'They're tired of it:' A Washington Teacher of the Year on teens, gun violence and arming teachers

SEATTLE -- As thousands of Washington students took part in a day of action demanding stricter gun legislation from Congress, the 2016 Washington Teacher of the Year told Q13 News students are ready for big change.

"They're better than us," Lincoln High School teacher Nate Bowling said. "They're better than you and I. They want to better their beliefs."

Bowling said all too often he hears about youth complacency from other adults. But Wednesday's day of action on gun control should show parents and adults that teens yearn for change.

"They've grown up with having this normalized," Bowling said, referring to gun control. "They're tired of it."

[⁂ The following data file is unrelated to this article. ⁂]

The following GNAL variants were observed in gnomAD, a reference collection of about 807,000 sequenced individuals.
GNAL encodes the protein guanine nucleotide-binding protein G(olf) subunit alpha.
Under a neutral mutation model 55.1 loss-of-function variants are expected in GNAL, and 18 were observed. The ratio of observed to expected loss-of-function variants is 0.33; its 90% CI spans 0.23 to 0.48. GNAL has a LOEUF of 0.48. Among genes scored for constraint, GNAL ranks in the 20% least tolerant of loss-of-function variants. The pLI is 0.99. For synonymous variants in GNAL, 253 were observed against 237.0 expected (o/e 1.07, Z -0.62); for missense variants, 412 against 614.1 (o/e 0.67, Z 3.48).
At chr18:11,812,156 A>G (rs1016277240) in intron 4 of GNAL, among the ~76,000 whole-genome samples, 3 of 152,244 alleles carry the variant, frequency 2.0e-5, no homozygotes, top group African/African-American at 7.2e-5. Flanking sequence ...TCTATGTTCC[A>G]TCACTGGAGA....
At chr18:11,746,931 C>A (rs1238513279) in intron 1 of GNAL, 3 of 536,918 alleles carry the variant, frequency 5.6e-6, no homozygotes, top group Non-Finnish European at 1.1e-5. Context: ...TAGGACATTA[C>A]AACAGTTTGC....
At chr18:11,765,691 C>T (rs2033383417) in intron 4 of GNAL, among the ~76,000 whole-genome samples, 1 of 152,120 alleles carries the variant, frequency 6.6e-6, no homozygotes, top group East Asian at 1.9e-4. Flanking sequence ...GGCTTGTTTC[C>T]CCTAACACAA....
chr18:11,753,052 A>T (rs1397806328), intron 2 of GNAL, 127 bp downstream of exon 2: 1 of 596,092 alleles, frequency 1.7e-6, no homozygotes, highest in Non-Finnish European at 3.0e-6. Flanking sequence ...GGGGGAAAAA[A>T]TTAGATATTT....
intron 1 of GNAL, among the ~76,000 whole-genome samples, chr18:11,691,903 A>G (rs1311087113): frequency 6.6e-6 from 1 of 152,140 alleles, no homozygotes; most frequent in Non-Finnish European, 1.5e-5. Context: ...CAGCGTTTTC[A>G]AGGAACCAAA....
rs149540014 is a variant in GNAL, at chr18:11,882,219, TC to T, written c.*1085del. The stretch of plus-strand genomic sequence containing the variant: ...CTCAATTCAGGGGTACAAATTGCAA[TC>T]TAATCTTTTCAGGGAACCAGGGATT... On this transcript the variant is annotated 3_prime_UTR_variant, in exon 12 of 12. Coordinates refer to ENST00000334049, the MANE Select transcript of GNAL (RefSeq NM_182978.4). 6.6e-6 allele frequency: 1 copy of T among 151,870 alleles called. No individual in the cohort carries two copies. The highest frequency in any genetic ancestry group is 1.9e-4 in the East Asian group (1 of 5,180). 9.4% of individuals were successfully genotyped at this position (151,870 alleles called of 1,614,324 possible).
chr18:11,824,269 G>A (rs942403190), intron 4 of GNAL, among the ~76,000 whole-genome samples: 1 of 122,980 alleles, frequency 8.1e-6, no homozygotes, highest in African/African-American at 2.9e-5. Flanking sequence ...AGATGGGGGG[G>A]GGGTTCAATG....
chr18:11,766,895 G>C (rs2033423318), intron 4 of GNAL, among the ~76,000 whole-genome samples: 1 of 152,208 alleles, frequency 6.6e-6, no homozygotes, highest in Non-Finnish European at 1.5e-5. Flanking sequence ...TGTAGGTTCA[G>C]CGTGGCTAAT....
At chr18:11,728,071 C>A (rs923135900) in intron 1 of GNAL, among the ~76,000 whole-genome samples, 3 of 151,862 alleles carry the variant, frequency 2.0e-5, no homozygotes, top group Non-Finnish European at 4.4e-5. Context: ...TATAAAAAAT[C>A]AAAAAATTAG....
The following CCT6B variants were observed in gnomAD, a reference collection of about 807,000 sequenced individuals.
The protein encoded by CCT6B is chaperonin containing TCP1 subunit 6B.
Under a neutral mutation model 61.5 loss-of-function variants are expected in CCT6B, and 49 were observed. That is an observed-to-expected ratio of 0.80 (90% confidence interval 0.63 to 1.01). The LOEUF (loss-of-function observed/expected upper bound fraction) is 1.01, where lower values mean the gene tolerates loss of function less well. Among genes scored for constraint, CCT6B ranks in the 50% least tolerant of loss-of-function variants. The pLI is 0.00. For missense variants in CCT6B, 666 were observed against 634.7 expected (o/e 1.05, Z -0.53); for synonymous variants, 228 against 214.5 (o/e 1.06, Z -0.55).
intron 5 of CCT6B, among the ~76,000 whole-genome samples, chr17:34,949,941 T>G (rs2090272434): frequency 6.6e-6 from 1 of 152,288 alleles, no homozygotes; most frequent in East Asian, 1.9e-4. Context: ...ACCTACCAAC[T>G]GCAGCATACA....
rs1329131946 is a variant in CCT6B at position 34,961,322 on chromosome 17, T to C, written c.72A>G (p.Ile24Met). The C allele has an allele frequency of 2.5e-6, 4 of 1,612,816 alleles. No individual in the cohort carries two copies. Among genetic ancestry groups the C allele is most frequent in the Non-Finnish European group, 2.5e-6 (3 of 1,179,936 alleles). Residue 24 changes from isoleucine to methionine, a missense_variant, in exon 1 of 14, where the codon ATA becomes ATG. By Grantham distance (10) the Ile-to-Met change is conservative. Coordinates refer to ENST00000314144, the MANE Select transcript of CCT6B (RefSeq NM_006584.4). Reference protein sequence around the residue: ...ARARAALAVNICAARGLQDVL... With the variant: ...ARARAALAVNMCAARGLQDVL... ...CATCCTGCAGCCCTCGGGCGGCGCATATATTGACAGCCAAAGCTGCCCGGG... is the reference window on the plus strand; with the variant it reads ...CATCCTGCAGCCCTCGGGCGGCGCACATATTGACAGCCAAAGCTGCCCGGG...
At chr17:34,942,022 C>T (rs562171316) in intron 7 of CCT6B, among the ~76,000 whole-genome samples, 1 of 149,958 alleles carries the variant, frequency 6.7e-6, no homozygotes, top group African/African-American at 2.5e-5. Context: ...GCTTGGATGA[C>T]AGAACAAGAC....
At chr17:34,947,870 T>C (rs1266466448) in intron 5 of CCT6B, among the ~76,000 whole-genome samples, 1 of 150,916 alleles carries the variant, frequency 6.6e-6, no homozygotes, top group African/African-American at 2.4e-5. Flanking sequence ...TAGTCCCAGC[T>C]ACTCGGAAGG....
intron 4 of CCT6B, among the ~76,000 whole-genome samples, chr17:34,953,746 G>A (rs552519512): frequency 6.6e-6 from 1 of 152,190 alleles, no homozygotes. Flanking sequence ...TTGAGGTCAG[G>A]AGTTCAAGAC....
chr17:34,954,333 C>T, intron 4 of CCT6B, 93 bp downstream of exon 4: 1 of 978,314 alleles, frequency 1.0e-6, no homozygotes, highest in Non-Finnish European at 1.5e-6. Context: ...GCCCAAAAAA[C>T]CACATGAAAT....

Students at Lincoln High School have been preparing for weeks for the National School Walkout, a protest sparked by last month's Parkland school massacre. The students' main demands from Congress and local leaders is a ban on assault weapons, require universal background checks before gun sales and a gun violence restraining order law.

"They want to know why a 19-year-old can't buy a beer but can buy a gun," Bowling said.

Bowling's students understand the gridlock in Congress, so they are pushing for change locally. Students have contacted local legislators. Bowling is a military veteran,and a gun owner.

But he doesn't want teachers armed in schools, calling the idea "preposterous."

"The idea that in an active shooter situation, I'm going to trounce into the hallway and play hero is preposterous," Bowling said.

Bowling argues that despite the recent action, most of his students feel safe in schools.